Gender Roles & Stereotypes

 

Gender stereotypes are generalisations made about how males and females should behave and what they should like and do. The claim applies to all people of that gender. These roles are inacccurate as each human being has individual desires, thoughts and feelings, which are not dependent on being male and female. Therefore, gender stereotypes are simplistic, but many people believe them.

For example, all males:
  • wear blue
  • like to play with cars and trucks when they are boys. They don't play with dolls, only action figures.
  • like to work on cars
  • like rough sports
  • do dirty jobs, not secretarial work
  • enjoy outdoor activities such as camping and fishing
  • do not do housework and they are not responsible for taking care of children
  • do not sew or do crafts

For example, all females:

  • wear pink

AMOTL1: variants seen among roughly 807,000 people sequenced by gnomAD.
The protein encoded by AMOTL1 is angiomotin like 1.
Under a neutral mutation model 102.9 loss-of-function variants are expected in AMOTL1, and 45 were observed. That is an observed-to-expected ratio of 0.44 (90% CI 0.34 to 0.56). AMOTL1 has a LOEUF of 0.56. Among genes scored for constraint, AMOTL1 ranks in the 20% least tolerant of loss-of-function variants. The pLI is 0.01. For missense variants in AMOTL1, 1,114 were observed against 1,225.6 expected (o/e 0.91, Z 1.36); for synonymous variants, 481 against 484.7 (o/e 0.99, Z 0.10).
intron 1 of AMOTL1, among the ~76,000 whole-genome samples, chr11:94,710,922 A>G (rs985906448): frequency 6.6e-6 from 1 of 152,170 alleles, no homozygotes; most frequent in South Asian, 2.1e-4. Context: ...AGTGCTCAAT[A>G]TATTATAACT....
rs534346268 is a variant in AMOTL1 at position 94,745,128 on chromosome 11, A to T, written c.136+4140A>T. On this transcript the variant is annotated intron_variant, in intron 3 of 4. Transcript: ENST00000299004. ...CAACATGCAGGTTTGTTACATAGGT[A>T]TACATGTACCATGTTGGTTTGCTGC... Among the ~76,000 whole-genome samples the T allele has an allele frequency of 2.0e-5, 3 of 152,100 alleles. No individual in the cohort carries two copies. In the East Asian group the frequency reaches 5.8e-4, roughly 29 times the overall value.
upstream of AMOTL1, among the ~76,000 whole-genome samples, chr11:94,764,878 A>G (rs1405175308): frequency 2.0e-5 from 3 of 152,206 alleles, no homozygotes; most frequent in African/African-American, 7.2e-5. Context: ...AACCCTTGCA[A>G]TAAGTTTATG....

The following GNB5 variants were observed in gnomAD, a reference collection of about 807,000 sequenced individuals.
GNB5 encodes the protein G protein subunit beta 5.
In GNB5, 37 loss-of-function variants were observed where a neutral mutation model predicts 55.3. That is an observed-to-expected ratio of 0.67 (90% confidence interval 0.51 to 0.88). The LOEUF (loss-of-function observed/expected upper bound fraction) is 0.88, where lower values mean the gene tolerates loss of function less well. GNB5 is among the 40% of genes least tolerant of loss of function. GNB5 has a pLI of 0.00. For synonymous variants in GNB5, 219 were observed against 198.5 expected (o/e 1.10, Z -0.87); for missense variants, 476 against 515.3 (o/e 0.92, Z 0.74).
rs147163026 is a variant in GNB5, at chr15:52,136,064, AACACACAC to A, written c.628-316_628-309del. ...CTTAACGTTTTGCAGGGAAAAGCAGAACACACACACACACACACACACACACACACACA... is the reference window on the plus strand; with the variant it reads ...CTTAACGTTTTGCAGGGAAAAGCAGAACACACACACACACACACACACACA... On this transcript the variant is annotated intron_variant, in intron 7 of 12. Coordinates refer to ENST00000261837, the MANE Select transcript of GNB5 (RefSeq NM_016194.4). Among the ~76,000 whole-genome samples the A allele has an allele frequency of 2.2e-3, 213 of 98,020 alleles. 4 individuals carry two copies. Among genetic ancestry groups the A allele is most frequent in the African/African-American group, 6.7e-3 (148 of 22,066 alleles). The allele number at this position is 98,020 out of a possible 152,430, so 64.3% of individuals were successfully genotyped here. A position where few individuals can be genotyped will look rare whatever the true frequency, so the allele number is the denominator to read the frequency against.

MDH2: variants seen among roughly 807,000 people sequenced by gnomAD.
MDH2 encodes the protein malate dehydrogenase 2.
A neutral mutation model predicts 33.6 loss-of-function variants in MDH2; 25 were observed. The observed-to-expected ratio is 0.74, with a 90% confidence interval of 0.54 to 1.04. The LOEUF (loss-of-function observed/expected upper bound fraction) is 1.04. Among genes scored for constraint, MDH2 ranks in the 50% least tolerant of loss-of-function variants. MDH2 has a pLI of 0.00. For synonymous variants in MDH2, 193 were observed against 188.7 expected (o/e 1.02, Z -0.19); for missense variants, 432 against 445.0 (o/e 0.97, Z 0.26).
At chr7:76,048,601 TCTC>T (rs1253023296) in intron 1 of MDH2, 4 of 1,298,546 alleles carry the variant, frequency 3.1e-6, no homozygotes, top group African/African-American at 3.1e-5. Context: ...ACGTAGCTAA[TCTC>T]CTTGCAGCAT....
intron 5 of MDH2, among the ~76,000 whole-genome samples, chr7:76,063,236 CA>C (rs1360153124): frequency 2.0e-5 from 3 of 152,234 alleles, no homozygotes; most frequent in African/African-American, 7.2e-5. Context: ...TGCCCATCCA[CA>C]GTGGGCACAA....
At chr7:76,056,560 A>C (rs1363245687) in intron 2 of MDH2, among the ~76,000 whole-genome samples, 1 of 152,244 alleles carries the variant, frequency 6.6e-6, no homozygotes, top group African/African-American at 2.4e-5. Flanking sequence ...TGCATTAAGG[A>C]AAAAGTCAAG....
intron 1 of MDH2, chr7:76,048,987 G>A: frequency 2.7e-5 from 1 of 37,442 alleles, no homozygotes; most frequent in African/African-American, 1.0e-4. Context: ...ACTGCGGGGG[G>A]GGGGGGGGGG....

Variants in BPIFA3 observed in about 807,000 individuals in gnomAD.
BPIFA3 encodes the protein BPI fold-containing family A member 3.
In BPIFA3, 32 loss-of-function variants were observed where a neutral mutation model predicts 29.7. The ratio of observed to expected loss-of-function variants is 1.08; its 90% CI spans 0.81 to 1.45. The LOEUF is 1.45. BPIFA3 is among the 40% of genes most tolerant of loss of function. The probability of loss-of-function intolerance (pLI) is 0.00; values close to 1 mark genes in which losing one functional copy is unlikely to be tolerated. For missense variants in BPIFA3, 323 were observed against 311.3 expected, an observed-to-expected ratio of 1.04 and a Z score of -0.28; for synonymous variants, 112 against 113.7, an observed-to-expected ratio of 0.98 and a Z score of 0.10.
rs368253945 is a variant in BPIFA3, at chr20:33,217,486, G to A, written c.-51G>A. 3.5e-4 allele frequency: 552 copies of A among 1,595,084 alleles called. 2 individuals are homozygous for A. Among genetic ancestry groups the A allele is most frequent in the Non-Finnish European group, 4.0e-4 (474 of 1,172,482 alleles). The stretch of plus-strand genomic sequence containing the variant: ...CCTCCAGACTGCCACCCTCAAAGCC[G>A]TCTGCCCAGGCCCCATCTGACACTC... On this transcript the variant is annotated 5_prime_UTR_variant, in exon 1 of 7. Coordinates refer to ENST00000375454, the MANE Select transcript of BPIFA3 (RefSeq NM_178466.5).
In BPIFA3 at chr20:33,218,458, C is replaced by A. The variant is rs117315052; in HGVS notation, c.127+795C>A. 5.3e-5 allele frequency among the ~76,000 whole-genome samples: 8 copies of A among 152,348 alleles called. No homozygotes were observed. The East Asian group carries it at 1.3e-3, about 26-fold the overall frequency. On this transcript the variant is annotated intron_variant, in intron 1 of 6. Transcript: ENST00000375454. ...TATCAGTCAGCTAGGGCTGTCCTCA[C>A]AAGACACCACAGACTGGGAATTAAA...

• like to play with dolls
  • are not as strong as males
  • like caring roles
  • love to sing and dance
  • like to wear makeup and look pretty
  • do not do dirty jobs
  • like to wear high heels, frilly clothes and dresses

These stereotypes may be true for some males and females, but they are not true for all. And it is this fact that is brought to light in Brockwell the Brave.

Brockwell Ness is described as a quiet, gentle boy who likes to spend time at the healing hut. He is a carer by nature. Brockwell also likes to go to the markets and buy the food for his mother. These are not what boys do in the Viking village, and Mr Ness, Brockwell's father does not cope well with this. He doesn't like that his son is different and likes to do 'women's work'. In the story, Brockwell's best friend, Ingrid Gulbrand, is a strong female. She still does tasks considered to be 'women's work', so is more accepted. There were some female warriors in the Viking era, so she was not totally out of place, like Brockwell was.

The story brings to light that boys and girls are individuals, and their gender is only a part of who they are. Their genders do not define Brockwell and Ingrid as people.




Facing Fears




If you find yourself avoiding situations, places or activities, anxiety and worry may be the cause.